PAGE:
Having It All in the Field: Families, Inclusivity, Career Development, and Archaeological Fieldwork
Author(s): Kate Kreindler
This is an abstract from the "What Have You Done For Us Lately?: Discrimination, Harassment, and Chilly Climate in Archaeology" session, at the 84th annual meeting of the Society for American Archaeology.
Participation in archaeological fieldwork poses numerous practical challenges. This paper will address some difficulties that arise from the decision to start a family. The choice to have children frequently affects archaeologists working to establish their careers, namely (female) graduate students, junior faculty, and field technicians. Young archaeologists may have small children who are not yet old enough to be separated from a parent or may not have the financial resources to pay for childcare while in the field. Furthermore, many projects do not have, or earmark, funding for childcare, nor do they have the facilities to accommodate participants’ families. As a result, many archaeologists, especially women, who are trying to establish their careers are forced to choose: fieldwork or family. Those who opt to start families may be at a professional disadvantage when they return to the field, due to missed excavation and publication opportunities. This paper will examine how one field project, the Poggio Civitate Archaeological Project, has created an affiliated not-for-profit entity, in part to raise funds that offset the costs of childcare. As a result, the project supports young archaeologists with families, as part of a larger effort to promote inclusivity and early career development in archaeology.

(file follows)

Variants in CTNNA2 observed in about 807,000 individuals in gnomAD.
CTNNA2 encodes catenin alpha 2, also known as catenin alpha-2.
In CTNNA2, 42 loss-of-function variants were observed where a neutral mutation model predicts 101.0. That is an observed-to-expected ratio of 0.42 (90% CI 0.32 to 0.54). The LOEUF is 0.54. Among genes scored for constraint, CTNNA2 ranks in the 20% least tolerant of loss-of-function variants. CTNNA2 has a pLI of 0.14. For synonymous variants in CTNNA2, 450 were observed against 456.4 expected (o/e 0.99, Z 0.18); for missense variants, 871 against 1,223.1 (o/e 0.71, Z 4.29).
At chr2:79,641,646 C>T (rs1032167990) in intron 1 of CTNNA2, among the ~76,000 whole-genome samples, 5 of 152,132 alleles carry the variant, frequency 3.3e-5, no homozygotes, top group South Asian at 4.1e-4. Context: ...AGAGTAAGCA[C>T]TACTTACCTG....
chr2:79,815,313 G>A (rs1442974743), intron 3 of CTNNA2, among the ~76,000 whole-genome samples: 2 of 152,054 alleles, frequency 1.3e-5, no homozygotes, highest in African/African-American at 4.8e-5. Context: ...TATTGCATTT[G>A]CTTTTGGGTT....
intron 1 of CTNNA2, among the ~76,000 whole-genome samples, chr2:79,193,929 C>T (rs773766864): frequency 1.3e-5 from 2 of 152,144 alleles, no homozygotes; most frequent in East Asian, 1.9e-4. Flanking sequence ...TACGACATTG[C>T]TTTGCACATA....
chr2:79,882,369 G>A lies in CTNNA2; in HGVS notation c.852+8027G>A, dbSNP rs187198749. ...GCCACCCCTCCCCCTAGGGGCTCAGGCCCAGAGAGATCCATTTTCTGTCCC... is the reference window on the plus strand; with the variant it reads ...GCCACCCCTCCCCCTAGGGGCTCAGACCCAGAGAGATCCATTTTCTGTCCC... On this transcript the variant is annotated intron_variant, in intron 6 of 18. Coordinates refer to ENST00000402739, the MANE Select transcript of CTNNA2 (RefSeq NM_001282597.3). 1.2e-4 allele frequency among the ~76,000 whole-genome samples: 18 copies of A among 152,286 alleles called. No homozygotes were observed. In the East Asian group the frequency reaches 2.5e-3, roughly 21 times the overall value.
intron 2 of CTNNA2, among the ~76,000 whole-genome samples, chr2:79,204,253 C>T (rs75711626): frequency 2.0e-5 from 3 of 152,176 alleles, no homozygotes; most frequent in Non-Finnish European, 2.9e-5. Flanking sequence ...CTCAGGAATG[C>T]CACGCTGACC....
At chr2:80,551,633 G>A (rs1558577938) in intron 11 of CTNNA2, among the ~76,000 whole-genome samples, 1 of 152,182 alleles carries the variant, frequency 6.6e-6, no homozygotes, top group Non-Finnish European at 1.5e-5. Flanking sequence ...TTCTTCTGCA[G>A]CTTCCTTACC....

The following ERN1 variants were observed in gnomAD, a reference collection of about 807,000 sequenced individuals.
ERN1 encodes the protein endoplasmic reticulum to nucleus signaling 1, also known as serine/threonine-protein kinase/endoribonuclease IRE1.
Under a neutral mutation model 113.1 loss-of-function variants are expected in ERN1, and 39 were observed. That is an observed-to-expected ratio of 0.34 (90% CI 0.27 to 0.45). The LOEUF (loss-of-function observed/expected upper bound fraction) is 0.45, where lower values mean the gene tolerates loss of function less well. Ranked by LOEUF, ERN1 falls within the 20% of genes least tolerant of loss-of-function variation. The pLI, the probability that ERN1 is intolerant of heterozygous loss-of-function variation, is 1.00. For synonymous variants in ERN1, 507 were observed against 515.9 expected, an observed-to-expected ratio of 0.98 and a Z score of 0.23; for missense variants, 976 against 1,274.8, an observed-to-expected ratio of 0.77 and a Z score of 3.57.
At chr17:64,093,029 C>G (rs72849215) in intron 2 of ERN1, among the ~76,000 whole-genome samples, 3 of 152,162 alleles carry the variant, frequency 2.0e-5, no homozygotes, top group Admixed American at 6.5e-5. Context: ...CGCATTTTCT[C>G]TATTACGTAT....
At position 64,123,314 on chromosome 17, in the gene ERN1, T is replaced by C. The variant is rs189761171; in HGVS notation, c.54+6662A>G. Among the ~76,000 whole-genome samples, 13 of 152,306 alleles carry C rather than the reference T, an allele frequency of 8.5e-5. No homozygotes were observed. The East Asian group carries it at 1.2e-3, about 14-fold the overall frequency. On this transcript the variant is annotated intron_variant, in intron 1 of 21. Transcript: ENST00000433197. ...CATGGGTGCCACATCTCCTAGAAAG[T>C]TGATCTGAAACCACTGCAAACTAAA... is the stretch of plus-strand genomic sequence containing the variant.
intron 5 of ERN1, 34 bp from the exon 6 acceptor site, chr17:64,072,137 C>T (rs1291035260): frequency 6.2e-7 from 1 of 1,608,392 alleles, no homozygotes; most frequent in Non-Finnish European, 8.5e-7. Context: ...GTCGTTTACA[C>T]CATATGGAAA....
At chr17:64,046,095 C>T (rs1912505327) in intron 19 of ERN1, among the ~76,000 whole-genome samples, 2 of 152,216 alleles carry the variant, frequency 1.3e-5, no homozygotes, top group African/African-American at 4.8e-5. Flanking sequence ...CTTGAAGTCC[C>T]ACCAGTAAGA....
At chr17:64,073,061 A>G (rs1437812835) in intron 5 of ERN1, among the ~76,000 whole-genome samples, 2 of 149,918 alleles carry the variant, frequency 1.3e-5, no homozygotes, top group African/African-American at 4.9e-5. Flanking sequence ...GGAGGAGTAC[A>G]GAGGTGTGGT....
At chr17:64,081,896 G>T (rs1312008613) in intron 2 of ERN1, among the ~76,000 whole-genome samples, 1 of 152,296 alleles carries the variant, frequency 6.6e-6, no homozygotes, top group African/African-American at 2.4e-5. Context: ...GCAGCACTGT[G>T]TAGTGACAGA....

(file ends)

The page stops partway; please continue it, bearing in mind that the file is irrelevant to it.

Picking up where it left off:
Cite this Record
Having It All in the Field: Families, Inclusivity, Career Development, and Archaeological Fieldwork. Kate Kreindler. Presented at The 84th Annual Meeting of the Society for American Archaeology, Albuquerque, NM. 2019 ( tDAR id: 452370)
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Abstract Id(s): 25159